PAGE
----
In Japan (as well as in other countries) before World War II, people had been suffered from infectious
diseases – such as the Spanish flu, Tuberculosis (TB), or Dysentery and resulting high risks of losing
their lives, health or money. Japanese companies as well as their stakeholders – such as employees,
consumers and shareholders – had to cope with such risks and a future uncertainty caused by them.
In this seminar, I will investigate how they dealt with such risks and uncertainty, and try to show
that they built mutual trusts and established cooperative relationships to manage such risks and
uncertainty. I will also discuss what are lessons we can learn from history to survive in the era of COVID-19.
Professor, Graduate School of Arts & Sciences, The University of Tokyo
Takashi Shimizu (Ph.D. in economics, The University of Tokyo) is Professor of the Graduate School of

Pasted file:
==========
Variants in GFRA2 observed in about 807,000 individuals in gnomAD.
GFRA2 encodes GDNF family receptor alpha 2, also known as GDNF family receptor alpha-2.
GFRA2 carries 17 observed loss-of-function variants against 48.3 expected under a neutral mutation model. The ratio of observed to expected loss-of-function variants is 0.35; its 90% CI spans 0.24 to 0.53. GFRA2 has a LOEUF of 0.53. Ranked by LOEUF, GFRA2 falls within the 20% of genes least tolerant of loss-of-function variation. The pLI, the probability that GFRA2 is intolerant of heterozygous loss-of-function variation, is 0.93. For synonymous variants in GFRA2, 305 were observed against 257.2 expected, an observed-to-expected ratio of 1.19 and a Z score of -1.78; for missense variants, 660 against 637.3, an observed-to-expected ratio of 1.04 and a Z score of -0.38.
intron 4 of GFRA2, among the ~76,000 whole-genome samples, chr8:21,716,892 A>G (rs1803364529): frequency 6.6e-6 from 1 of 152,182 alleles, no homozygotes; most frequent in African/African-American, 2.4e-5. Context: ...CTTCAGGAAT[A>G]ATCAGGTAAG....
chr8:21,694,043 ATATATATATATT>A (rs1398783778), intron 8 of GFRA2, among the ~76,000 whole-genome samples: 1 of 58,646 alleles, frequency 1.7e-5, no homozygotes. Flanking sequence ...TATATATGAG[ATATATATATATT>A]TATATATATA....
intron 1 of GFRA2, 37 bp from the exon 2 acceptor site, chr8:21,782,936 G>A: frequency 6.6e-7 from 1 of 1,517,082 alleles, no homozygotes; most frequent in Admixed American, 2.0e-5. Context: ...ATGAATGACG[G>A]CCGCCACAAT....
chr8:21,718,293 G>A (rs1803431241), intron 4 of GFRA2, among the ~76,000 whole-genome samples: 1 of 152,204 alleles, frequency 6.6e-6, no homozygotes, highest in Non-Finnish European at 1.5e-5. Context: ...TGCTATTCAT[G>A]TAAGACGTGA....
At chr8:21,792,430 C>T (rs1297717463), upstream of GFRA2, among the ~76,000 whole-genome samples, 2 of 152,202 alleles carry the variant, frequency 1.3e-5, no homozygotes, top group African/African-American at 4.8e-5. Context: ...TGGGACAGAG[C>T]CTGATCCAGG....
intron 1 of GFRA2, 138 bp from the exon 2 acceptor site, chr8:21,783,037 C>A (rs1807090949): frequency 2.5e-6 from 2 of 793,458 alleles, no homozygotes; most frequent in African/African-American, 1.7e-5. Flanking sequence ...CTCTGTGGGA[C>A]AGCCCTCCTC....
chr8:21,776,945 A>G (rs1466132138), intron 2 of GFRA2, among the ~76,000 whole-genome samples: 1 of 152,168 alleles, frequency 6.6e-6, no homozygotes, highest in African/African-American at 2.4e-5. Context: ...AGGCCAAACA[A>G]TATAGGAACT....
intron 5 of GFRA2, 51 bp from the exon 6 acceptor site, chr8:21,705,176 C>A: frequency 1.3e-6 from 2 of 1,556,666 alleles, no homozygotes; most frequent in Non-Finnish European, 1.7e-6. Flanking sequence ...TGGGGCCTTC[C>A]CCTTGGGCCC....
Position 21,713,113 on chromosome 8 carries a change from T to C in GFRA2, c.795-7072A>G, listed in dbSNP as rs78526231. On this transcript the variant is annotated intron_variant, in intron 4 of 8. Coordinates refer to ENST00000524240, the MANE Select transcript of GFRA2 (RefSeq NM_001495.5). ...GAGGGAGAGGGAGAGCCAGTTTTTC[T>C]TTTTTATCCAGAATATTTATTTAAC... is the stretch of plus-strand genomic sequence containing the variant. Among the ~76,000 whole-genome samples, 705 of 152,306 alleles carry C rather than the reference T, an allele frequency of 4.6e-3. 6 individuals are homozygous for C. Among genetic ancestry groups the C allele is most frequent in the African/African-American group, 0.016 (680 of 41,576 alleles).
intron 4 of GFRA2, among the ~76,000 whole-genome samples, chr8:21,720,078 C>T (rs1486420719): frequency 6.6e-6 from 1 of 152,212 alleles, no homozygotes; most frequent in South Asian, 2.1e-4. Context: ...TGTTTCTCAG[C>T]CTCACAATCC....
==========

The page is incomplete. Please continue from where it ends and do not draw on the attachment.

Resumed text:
Arts and Sciences, The University of Tokyo. He is a scholar of management and business history who
is specialized in corporate systems and interactions between legal systems and corporate behaviors.
Recently he published a book titled “感染症と経営：戦前日本企業は「死の影」といかに 向き合ったか
(Infectious Diseases and Management: How Japanese Companies coped with the Shadow of Death before
WWII)” from Chuo-Keizaisha Publishing.
|Time & date(s)||2021.05.12(Wed)
09:00 - 10:00
|Venue||Online (Zoom Webinar) / オンライン（Zoomによるwebinar）
|Who should participate||Open to the public / 一般向け|
|Language||English / 英語|
|Registration||Please complete the online registration no later than Tuesday May 11 at noon (JST) from URL below.
|Hosted by||UTokyo Center for Contemporary Japanese Studies(TCJS), The University of Tokyo / 東京大学現代日本研究センター|
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